A newspaper and its owner are apologizing after backlash on social media, which circulated after the paper refused to publish a political sentence in an obituary.
Frances Irene Finley Williams felt the same way about dress codes at funerals as she felt about politics: strongly.
So when she died just before Thanksgiving at the age of 87, her family thought they would make politics a part of her obituary too. It was only natural, said her daughter, Cathy Duff. Williams and her 92-year-old husband, Bruce, were the kind of couple who woke up with the Louisville Courier-Journal and USA Today and went to bed switching channels between CNN and the local news. She was a bridge-playing, churchgoing, Elvis Presley- and Willie Nelson-loving political junkie who “did not take gladly to fools,” a “very, very spirited woman” who sometimes said that her frustration about President Donald Trump was killing her — “contributing to her decline,” as Duff put it.
She didn’t seem to be joking, Duff said in an interview with The Washington Post.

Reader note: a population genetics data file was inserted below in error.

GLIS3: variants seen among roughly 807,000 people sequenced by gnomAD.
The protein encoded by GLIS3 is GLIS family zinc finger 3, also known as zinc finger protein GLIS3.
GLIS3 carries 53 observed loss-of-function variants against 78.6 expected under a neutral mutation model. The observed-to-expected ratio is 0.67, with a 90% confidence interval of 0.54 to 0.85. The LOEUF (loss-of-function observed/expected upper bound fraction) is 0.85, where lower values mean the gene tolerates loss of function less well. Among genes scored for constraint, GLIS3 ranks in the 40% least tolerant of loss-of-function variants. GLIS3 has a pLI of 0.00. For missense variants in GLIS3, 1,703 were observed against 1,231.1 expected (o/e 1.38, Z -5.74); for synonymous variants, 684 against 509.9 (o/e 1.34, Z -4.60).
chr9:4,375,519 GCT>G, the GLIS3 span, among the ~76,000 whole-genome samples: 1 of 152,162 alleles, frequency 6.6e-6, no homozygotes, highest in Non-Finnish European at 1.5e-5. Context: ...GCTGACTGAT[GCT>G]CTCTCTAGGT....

So at the end of her mother’s obituary, just after the part about Williams’ passion for making family photo albums, Duff added this sentence: “Her passing was hastened by her continued frustration with the Trump administration.”
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“I just felt like, along with everything else that was in there, that was a vital part of her personality and something she expressed with me over the last few months — just like she expressed she felt strongly about a dress code for funerals,” Duffy told The Post. “So I felt it was important to put it in there. We never gave it any more thought than that.”
At least not until the Courier-Journal declined to publish it: They would have to remove the Trump quip, they were told, or their $1,684 obituary wouldn’t run at all. Duff and her brother, Art Williams, were shocked. “We didn’t understand it,” Duff said.
Now, more than two weeks after Williams’ memorial services, the Courier-Journal and Gannett, the paper’s owner, are apologizing following backlash on social media, which circulated after Duff’s brother made their ordeal public earlier this month. It was a “mistake” to refuse to publish the political sentence, Laurie Bolle, the director of sales for Gannett’s West Group, told the Courier-Journal in a column titled, “Obit blaming Trump for hastening woman’s death should have been published.”